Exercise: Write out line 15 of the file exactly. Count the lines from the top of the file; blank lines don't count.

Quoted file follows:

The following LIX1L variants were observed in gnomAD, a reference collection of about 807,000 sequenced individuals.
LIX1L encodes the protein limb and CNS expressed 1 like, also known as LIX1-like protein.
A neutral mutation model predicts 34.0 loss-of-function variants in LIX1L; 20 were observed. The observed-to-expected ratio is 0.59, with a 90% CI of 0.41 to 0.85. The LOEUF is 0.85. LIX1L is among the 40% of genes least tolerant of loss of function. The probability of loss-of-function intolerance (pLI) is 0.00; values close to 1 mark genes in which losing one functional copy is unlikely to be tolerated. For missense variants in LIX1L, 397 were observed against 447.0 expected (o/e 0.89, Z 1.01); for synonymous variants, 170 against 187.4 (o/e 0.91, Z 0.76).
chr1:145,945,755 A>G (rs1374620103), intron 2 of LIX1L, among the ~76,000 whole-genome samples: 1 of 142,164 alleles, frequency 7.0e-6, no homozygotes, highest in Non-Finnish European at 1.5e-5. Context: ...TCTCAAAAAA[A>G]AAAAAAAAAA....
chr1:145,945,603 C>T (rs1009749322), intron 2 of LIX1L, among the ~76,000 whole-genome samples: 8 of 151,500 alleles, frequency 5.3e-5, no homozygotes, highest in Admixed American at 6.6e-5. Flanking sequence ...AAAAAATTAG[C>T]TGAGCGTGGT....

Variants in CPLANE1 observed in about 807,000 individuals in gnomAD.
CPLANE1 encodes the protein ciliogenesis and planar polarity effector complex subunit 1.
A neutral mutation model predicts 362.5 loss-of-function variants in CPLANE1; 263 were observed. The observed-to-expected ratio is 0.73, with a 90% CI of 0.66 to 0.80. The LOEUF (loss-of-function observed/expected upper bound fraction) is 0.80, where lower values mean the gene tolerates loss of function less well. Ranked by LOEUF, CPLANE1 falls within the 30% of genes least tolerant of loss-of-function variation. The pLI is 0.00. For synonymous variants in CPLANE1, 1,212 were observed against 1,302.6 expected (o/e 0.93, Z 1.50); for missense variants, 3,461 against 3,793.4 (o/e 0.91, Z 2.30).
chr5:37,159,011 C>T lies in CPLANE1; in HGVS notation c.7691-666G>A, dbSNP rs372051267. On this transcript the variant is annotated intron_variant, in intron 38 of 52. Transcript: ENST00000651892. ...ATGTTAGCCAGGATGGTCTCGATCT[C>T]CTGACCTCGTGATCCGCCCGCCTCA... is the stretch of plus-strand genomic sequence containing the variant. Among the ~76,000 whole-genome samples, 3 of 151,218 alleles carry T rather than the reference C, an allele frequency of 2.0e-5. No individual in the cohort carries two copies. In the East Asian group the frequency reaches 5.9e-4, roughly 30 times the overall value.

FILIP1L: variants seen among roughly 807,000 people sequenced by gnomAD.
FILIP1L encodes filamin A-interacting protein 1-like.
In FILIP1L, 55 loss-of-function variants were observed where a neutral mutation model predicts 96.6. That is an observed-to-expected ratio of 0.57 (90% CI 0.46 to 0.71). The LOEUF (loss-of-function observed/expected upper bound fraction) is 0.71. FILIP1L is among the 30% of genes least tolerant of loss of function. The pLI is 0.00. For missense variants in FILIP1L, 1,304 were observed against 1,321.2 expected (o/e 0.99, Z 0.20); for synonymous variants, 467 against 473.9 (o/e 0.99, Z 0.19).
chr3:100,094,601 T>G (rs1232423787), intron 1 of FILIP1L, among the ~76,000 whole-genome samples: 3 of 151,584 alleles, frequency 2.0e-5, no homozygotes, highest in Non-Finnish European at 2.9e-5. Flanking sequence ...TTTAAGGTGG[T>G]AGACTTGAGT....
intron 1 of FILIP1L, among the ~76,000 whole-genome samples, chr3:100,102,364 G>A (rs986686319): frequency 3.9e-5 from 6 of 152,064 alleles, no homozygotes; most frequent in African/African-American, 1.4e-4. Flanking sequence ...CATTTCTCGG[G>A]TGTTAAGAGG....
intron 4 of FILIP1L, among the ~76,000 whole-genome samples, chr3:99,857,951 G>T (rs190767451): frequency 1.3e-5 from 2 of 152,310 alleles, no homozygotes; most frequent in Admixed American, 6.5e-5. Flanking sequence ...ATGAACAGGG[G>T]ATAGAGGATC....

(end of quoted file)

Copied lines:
intron 4 of FILIP1L, among the ~76,000 whole-genome samples, chr3:99,857,951 G>T (rs190767451): frequency 1.3e-5 from 2 of 152,310 alleles, no homozygotes; most frequent in Admixed American, 6.5e-5. Flanking sequence ...ATGAACAGGG[G>T]ATAGAGGATC....